Commonly known as “Tennis Elbow”, this condition most frequently occurs in people who do not play tennis. It is usually a condition that affects people in their middle age. Very young and very old people rarely get this problem. This condition can be very painful, even preventing patients from being able to do something as easy as typing. The term epicondylitis is a little misleading. Typically, conditions ending in the suffix “-itis” refer to inflammatory conditions. In tennis elbow, inflammation does not play a big role. However, it is the reason some doctors use steroid injections for this condition. Unfortunately, steroids do not work as well for tennis elbow as we would like.
In addition to steroid injections other treatments include physical therapy, ultrasound, bracing, splinting, platelet rich plasma injections (also known as PRP) and a host of other options are available. Some of these non-operative treatments or perhaps even a combination of these treatments will help most people.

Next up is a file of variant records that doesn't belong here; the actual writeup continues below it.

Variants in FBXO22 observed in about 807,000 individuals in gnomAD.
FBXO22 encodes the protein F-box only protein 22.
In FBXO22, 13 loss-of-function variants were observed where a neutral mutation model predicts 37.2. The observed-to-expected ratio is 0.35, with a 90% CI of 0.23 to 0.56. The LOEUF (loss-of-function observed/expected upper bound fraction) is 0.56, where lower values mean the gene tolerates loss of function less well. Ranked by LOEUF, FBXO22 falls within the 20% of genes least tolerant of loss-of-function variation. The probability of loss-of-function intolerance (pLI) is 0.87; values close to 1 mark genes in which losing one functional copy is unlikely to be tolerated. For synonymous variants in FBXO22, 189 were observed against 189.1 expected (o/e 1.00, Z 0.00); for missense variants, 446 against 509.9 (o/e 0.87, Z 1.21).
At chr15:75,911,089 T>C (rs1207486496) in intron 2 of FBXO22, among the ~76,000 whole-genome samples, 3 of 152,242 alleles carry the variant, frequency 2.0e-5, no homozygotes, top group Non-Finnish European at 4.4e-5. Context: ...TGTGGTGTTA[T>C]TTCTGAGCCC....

For the people who do not improve after a course of non-operative treatment surgery may be indicated. Just as there are many options for non-operative treatment, likewise there are many options for operative treatment. Some of these treatments have a long healing time. Dr. Mahoney uses a technique that utilizes a small 1-inch incision on the outside of the arm. Most of his patients do not take more than a day or so from work and can begin using their hand immediately upon wakening.